Using the concept of cascade catalysis, CoPt NPs were incorporated into another catalytic site, a Co–N–C material, which was derived from a Co- and Zn-containing metal organic framework (MOF).74 The MOF was first synthesized and subsequently loaded with a Pt precursor. The Co component from the MOF serves as the precursor to alloy with Pt during high-temperature reaction to form CoPt NPs. This catalyst achieved a mass activity of 1.77 A mgPt−1. The DFT calculations showed that the Co–N4 catalytic site favors the 2 electron-pathway by forming H2O2 with a relatively low overpotential (Fig. 10E). The generated H2O2 can easily desorb and migrate to adjacent CoPt NPs, subsequently being reduced to H2O by PtCo via a thermodynamically spontaneous step. The synergistic catalysis can thus bypass the strongly bonded O* and OH* intermediates on the Pt surface, resulting in an overall enhanced ORR catalysis. However, assigning all catalytic activity to Pt may underestimate the catalytic performance when calculating the mass activity as the Co–C–N catalytic sites also showed activity in fuel cells.75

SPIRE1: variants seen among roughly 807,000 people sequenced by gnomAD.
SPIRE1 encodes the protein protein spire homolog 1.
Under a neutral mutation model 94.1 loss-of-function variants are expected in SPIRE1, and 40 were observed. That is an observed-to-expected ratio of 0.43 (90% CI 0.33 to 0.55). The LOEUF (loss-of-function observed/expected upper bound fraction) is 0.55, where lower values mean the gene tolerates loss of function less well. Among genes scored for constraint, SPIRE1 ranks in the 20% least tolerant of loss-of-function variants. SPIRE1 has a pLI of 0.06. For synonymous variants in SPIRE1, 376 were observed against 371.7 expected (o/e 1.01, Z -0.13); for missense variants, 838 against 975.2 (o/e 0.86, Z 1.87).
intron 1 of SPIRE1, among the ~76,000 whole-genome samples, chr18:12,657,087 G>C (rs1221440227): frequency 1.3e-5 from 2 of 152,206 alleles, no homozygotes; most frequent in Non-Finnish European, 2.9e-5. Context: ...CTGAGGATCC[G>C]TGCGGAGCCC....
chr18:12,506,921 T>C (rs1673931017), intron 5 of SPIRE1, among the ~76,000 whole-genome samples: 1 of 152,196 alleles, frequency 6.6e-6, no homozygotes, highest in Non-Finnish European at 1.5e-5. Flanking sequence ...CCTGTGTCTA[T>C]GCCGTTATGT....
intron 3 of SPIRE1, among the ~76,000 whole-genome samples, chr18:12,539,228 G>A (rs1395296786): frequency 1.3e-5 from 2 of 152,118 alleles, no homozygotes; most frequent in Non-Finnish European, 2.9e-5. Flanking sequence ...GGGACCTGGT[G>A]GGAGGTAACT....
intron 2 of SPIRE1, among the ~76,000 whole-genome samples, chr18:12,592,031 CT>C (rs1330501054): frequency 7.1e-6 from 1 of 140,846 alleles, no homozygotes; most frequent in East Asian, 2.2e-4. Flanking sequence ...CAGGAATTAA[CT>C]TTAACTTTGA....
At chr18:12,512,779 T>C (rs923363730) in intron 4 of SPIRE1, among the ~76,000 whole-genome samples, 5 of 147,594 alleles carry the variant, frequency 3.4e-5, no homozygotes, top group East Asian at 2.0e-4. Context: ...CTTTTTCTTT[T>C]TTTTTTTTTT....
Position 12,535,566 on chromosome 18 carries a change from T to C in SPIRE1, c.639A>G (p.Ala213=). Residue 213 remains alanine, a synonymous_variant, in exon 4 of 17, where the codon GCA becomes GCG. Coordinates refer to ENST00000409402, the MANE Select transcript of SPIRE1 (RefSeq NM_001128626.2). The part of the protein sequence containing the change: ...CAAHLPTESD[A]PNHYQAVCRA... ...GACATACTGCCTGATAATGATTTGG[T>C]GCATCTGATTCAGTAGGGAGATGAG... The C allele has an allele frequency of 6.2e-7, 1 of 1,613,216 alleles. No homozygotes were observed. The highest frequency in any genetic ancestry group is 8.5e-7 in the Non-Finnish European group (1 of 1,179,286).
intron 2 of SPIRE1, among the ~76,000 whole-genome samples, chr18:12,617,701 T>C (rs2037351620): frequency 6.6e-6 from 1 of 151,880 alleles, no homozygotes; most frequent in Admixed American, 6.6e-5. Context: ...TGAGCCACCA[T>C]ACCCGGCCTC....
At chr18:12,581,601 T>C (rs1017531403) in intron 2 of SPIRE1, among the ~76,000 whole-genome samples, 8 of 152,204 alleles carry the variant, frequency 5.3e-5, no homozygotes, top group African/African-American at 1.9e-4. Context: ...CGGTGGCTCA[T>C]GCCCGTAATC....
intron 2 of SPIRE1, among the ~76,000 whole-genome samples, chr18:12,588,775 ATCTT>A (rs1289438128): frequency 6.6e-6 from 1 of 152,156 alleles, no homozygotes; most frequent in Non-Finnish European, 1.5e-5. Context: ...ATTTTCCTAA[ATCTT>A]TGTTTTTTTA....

Novel NP catalysts have greatly advanced the ORR catalysis and fuel cell applications. Nevertheless, a huge gap exists between the screening process of the ORR catalysts in either an HClO4 or H2SO4 electrolyte via the liquid half-cell test and the device applications via the MEA test. Some representative catalytic systems are summarized in Fig. 11, illustrating also the commercial Pt NPs supported on carbon.64 The discrepancy under different testing conditions implies that the current rotating disk electrode (RDE)-based liquid half-cell test may overestimate the ORR activity of Pt-based alloy NPs. The possible reasons for this discrepancy are as follows: (1) oxygen diffusion and water product removal are a common issue at the three-boundary interface of the catalyst layers in MEA, while in the thin film working electrode tested in a liquid half-cell, oxygen can be easily accessible and products are efficiently removed via rotation; (2) the catalyst layer uses a perfluorosulfonic acid ionomer as the electrolyte, but the electrolyte used in these RDE tests shown in Fig. 11 is HClO4, which shows negligible bonding to the Pt surface and thus the Pt surface is more accessible to reactants and intermediates; and (3) the MEA condition of 80 °C is harsher than that of the RDE test performed at room temperature, resulting in possible leaching of non-precious components in Pt-based alloy NPs and possible shape evolution which makes them behave more like pure Pt catalysts with no structural control. As the MEA test is time-consuming and expensive, more fundamental studies on an appropriate and rapid screening test should be conducted to understand this performance gap. For the synthetic control of NP catalysts, robust NPs with preferred surfaces should be further developed. To better understand the ORR catalysis of NPs, as well as other relevant fuel cell reactions, the structure, morphology and composition of NPs should be assessed carefully with advanced in situ and ex situ techniques during the reaction.